However, within the next two years the economy collapsed. ‘We weren’t sure we were going to make it. There were several times we thought we were going out of business.’ But they’re still here. ‘We love our customers. People say how much the store makes them happy, and that makes me happy. That’s what we want. Almost all of the relationships we have made in Venice are through the shop. Families and their kids. People who have a likeminded aesthetic.’ 

Almost all of the relationships we have made in Venice are through the shop. Families and their kids. People who have a likeminded aesthetic.


It seems community and relationships are key to the Urbanic experience? 

‘We wouldn’t be here without that. To be fulfilled from the experience this store offers is amazing. I’ve seen people have reunions here. People who lived in New York and hadn’t seen each other for 10 years, and then they run into each other here. It’s a great feeling to be part of that memory. We’ve had brides do their invitations here, and then come by a couple of years later with their baby. It feels really good to be involved in these rich treasures of life. 

We’ve established some of our closest friends through Urbanic. Our lives are completely different through this, just by being a part of others peoples’ lives.' 

This naturally leads into how their family is interwoven into the Urbanic DNA.

‘When I met Joshua we lived on opposite ends of the country. It was before email had taken off properly. We would talk on Fridays, but when we’d think of each other we’d also write and send a letter. Every time I got one I’d have a burst of excitement. The more we got into it, the more we’d be handcrafting them. And then we got engaged, married, got the store and we had Javin and then Ian. As a baby, Javin was in the shop with me. It was challenging, but now he’s grown a little he knows everyone in the neighbourhood!’ 

And how do they continue to balance family and business?

‘It’s a juggle that I’m still figuring out. As my kids grow they have different needs. And as the store grows it also needs more time. It’s always shifting with every phase and season. I don't think anyone in the world has the secret. You just go with what you have. Our kids always come first so it’s just compartmentalising things and working around that.’ 

As Urbanic grows we talk more concretely about the business today.  Where does she find new products?

‘I like the hunt for the product. I really like finding stuff. We attend the The Gift Show and The Stationery Show in New York and we work with reps. A lot comes on our radar that way. Submissions come in often. But I always try and keep my eye out… on things like Etsy and other sites, and what’s being posted there. Even if it’s not a line yet. If I see something I like I go after it. In some cases I’ll turn it into a line. 

We have an illustrator coming in this week. When I saw her stuff she was only doing custom work for clients. I asked if she’d make a line out of her work… so we’re her first retailer. Hopefully people will see my vision and love it as much as I do. And for her, if it works out, and she starts wholesaling her stuff, well then she has a line on her hands.’ 

How do people find out about Urbanic, how do you build the brand?

‘Having a store for seven years is one immediately helpful thing. We’ve gotten the street-cred of being in the same location. So some people who know about us are just from the neighbourhood, word of mouth. I would also say we have a strong online presence. We just keep building that facet. I started the blog in the second (maybe third) year and we kept it going the best we could, trying to put out original content all the time, especially concentrating on curation.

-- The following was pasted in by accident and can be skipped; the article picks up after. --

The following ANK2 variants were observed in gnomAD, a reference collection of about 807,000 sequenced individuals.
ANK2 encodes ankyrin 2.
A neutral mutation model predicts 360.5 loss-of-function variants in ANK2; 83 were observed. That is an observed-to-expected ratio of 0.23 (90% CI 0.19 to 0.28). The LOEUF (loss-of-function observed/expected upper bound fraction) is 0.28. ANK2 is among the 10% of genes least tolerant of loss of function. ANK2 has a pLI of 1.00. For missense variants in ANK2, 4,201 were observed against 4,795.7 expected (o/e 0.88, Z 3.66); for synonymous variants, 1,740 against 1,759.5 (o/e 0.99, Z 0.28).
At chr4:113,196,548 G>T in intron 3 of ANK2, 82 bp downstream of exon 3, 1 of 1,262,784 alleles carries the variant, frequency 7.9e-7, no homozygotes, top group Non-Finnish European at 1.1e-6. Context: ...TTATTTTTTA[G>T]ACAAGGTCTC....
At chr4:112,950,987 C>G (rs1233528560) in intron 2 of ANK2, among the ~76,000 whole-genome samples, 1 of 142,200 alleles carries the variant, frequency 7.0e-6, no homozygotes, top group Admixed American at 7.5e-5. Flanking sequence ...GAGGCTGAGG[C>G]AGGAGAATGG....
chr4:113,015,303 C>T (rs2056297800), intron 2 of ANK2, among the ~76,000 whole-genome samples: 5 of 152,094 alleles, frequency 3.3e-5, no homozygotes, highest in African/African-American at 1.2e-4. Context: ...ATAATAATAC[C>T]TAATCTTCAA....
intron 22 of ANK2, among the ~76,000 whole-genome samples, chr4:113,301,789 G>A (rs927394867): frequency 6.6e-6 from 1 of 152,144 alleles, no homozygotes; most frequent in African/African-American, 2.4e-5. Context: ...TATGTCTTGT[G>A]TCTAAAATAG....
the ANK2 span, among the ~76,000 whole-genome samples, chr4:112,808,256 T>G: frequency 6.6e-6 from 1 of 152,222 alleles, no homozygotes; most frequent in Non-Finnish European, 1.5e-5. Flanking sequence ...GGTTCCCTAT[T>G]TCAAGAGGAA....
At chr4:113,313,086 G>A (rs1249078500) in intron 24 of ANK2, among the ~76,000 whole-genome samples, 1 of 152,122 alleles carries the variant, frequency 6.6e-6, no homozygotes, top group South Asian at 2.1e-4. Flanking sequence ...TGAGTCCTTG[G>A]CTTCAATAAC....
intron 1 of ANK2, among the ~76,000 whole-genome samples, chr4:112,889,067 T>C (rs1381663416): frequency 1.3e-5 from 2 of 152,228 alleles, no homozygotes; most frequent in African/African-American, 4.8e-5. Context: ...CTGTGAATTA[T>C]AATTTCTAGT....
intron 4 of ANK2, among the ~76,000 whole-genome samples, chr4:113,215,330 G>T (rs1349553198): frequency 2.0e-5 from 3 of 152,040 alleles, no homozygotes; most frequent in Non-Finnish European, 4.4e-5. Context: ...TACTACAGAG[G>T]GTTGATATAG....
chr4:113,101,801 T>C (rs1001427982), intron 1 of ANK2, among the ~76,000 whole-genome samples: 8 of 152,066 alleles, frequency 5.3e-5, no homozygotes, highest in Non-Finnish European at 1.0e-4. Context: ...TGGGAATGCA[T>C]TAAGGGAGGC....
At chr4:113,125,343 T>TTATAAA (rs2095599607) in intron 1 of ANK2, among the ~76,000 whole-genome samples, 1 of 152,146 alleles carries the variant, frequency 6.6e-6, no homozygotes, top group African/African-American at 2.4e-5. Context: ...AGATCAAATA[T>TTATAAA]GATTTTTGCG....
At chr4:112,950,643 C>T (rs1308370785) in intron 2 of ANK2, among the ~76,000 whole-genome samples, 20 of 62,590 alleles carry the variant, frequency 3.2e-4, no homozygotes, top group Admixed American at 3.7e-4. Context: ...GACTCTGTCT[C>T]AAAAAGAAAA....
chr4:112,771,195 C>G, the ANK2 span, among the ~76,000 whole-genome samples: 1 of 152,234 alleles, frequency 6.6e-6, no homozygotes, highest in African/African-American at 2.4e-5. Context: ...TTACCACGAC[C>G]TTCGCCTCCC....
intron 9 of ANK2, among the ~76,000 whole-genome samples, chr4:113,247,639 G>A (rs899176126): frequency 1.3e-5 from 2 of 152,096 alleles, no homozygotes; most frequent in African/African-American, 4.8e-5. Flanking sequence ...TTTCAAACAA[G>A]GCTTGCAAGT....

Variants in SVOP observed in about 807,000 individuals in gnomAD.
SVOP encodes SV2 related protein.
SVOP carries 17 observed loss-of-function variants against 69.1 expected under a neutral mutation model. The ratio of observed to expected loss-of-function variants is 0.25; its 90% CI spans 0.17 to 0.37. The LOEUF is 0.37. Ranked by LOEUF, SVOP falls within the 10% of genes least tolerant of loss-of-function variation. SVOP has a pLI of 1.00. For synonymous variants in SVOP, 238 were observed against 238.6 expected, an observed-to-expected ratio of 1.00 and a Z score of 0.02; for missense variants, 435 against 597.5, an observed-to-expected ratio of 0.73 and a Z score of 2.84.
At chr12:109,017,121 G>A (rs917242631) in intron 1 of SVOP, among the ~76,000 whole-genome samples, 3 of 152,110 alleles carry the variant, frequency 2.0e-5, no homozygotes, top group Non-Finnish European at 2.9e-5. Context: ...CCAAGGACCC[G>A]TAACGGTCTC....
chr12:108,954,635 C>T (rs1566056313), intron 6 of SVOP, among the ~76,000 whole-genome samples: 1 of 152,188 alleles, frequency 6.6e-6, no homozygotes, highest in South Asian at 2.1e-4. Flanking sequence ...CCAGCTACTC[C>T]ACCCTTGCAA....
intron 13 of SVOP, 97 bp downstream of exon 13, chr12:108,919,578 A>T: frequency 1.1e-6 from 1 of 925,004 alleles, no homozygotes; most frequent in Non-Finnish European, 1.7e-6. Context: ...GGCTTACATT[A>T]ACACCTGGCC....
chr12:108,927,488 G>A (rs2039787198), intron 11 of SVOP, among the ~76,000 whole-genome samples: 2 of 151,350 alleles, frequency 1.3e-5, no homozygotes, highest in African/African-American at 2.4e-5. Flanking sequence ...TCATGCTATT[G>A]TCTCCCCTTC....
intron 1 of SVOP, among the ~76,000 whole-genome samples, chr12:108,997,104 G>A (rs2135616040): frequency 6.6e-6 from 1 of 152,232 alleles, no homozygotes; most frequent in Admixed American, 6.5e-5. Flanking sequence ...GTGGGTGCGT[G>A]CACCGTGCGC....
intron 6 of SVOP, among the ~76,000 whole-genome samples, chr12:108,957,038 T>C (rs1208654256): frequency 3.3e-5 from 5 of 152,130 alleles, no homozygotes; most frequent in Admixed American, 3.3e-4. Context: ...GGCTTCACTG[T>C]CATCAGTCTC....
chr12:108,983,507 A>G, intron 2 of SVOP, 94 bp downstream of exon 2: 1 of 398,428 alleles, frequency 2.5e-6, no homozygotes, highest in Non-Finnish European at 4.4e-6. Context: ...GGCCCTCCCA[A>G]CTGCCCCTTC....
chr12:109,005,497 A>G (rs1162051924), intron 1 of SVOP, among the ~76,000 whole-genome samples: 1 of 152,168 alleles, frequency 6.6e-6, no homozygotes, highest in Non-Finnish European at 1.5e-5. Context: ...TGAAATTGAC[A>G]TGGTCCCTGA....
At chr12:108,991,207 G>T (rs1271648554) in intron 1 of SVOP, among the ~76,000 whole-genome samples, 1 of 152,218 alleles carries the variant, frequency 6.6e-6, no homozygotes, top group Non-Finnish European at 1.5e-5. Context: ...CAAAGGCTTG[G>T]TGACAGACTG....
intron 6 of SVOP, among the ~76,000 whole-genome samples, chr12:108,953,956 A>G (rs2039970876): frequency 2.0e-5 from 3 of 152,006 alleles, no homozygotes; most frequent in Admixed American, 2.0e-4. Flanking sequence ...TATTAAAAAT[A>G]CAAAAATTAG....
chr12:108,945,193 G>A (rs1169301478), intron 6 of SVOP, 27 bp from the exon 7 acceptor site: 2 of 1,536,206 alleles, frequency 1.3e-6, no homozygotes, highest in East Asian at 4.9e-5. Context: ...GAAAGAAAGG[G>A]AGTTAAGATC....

We use Twitter, but Instagram has taken over because it’s so fun and easy to manage. We use it for communicating the Urbanic ‘lifestyle,’ from product to store features, as well as glimpses into what we like and who we are as a family. I don’t think people just want the glossy finish anymore. They want to know who the store is: who built it, who is behind it. Facebook is used mostly for posting information like store events.’

 

Instagram has taken over. We use it for communicating the Urbanic ‘lifestyle.’ I don’t think people just want the glossy finish anymore. They want to know who the store is: who built it.

Where do you see Urbanic going in the future?

We get asked a lot to open other locations. But right now that’s logistically a little tough. To have a store the way we want is to have store we’re involved in and we love and care about…from merchandising, staff and creating the experience. I know how much it takes to make that happen so we’re not at that place right now. But we are working on the web store and hope to launch that in 2014. We’ll be able to ship cross country and internationally then as well.’ 

As we close the conversation Audrey gives some advice to other people with a passion or dream to be a business owner.

‘I could say lots of things but lets stick with a couple. Firstly, hold onto that passion with all of your might. It’s that passion that will set your dream apart and make it unique from anyone else. There’s also the whole other side of  ideas - business plans and dollars and cents - that doesn’t always match up with the creative vision. Don’t let those things squash you and prevent you from taking the risk and going for it. If it’s a burning desire on your heart, how much better would it be to try and see if it works, rather than not try at all? I think back to when I had that burning desire. I had to ask, do we take the risk and potentially lose it all, or play it safe? But I didn’t want to die feeling I backed out of an opportunity. At least I would know if it worked or not. 

In order to move forward you need take that risk, don’t be afraid to. 

If it’s a burning desire on your heart, how much better would it be to try and see if it works, rather than not try at all?

My advice on business side is know your market and know who you are buying for. I see a lot of businesses go out because they are just buying or doing something for themselves and aren’t taking into account who their customer is… or they haven’t done their research on the neighbourhood or who is actually shopping, for example. Either where they are located or the way they are angling themselves.’ 

Two great pieces of advice: If it's burning in you take the risk, but know your market so you’re best positioned for success with your customer base. 

 

For more information visit: http://urbanicpaper.com

 

Image Credits: Yvonne Goll